#VisDare 116: Vague #WritersWednesday

VagueI will never know if you remember, wherever you are now. It was already autumn, and the chill in the air reminded us that soon the cold winds would sweep through the plains and our city.

We stopped the car, I wanted to take a picture of you: I wanted to stop the clock, capture this second of eternity, your smile, the nice clothes you decided to wear on our special day…

In truth I should not be here to tell the tale, but this is what happened:

We kissed, a long, passionate kiss, I remember losing myself in that kiss, and I could hear my heart – or was it yours? Wherever you are now, you surely remember that feeling.

For soon I felt the pain, my skin being cut, so lightly, those sharp incisive, your beautiful white incisive…

Thus I became who I am now, and you are gone.

#VisDare 114: Prepared #WritersWednesday

PreparedOn this far-away horizon we fly, age-old balloonists, at peace. I long thought, in the moonless nights, reading, dreaming, of those eons ahead of us – the universe ‘s infinity, the long journeys, our transformation, progressive, imperceptible, on the shores of time.

Old-fashioned I am – we are – in the eyes of the past centuries, albeit not our own: fashionable we might become, on those alien planets we visit in the midst of our everlasting sleep.

Explorers, yes, young still, without the edge of possible awake, for we will never return, to the old world, to the mother ship: lost we are, willing prisoners of an endless tale, one many times recounted – till now.

Now, we live the dream, sliding by foreign stars, through the intricacies of space, as we were convinced we would, one day, not by magic, but driven, prepared, accepting the fate of those who deny their own mortality…

#VisDare 113: Limbo

Is this rock my last prison on earth, is this solitude my punishment, this rain my future?

LimboThe rain won’t stop, as the poet once said: it rains in my heart as it rains on the city, the city where we once lived…

This deluge is not only for me: it is for all those lost souls, those dying of a dying love, the ghosts of paradise, paradise lost…

Where are you? In what part of this glorious world are you now? And which one of us now looks after you? Is the sun bright and warm where you are now? Do you still listen to the chorus, each dawn, as you once did, nestled in my arms, eyes closed?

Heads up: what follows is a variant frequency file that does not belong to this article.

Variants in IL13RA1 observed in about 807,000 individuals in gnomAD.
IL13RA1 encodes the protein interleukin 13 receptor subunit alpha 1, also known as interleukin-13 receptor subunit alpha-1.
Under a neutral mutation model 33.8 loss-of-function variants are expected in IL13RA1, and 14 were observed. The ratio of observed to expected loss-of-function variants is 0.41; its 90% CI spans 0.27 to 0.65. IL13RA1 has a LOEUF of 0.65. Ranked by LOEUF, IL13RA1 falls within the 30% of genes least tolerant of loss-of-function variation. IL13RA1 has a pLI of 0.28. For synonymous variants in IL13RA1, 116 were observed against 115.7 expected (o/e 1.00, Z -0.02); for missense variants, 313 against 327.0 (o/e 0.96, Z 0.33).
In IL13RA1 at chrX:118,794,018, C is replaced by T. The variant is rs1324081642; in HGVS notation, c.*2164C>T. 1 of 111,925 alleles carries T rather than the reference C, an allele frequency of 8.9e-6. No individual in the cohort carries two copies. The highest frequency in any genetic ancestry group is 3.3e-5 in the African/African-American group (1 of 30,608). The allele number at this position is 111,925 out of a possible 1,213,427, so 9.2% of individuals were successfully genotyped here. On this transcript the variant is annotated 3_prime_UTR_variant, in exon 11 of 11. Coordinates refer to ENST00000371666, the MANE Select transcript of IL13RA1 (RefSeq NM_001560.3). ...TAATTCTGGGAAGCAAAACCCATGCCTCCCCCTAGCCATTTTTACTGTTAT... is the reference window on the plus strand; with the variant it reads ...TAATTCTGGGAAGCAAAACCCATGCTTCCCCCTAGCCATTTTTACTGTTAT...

Pointless questions, I know this grief cannot reach you, my wings are clipped, those poor clothes are drenched, I can no longer  pretend

To be anything but a fallen angel.

The books Gustave Flaubert never wrote #WritersWednesday

From Julian Barnes’ “Flaubert’s Parrot”, chapter 9, The Flaubert Apocrypha.

Anna Plesingerová-Božinová (20. 4. 1883 - 24. 11. 1977)His Autobiography: “One day, if I write my memoirs – the only thing I shall write well, if ever I put myself to the task of doing it – you will find a place in them, and what a place! For you have blown a large breach in the walls of my existence.” From one of his earliest letters to Louise Colet; and over a seven-year period (1846-53) he makes occasional references to the planned autobiography. Then he announced its official abandonment. But was it ever more than just a project for a project?

Story of Mycerinus: in 1850, while in Egypt, Flaubert spends two days pondering the story of Mycerinus, a pious king of the fourth dynasty who is credited with reopening temples closed by his predecessors. In a letter to Bouillhet, however, the novelist characterises his subject more crudely as “the king who fucks his daughter”…

Three projects: in 1850, from Constantinople, Flauberts announces three projects: “Une nuit de Don Juan (which reaches the planning stage); “Anubis”, the story of the woman who wants to be fucked by a god”; and “My Flemish novel about the young girl who dies a virgin and a mystic… in a little provincial town, at the bottom of a garden planted with cabbages and bulrushes…” Gustave complains in this letter to Bouillhet about the dangers of planning a project too thoroughly: “It seems to me, alas, that if you can so thoroughly dissect your children who are still to be born, you don’t get horny enough actually to father them.” In the present cases, Gustave didn’t get horny enough; though some see in his third project a vague forerunner of either Madame Bovary or Un coeur simple.

La Spirale“: in 1852-3 Gustave makes serious plans for “La Spirale”, a “grand, metaphysical, fantastical and bawling novel”, whose hero lives a typical Flaubertian double life, being happy in his dreams and unhappy in his real life. Its conclusion, of course: that happiness exists only in the imagination.

Chivalry: in 1853, “one of my old dreams”is resuscitated: a novel about chivalry. Despite Ariosto such a project is still feasible, Gustave declares: the additional elements he will bring to the subject are “terror and a broader poetry”.

Insanity and theatre: in 1861 “I’ve long been meditating a novel on insanity, or rather on how one becomes insane.” From about this time, or a little later, he was also meditating, according to Du Camp, a novel about the theatre; he would sit in the green room jotting down the confidences of over-candid actresses. “Only Le Sage in Gil Blas has touched upon the truth. I will reveal it in all its nakedness, for it is impossible to imagine how comic it is.”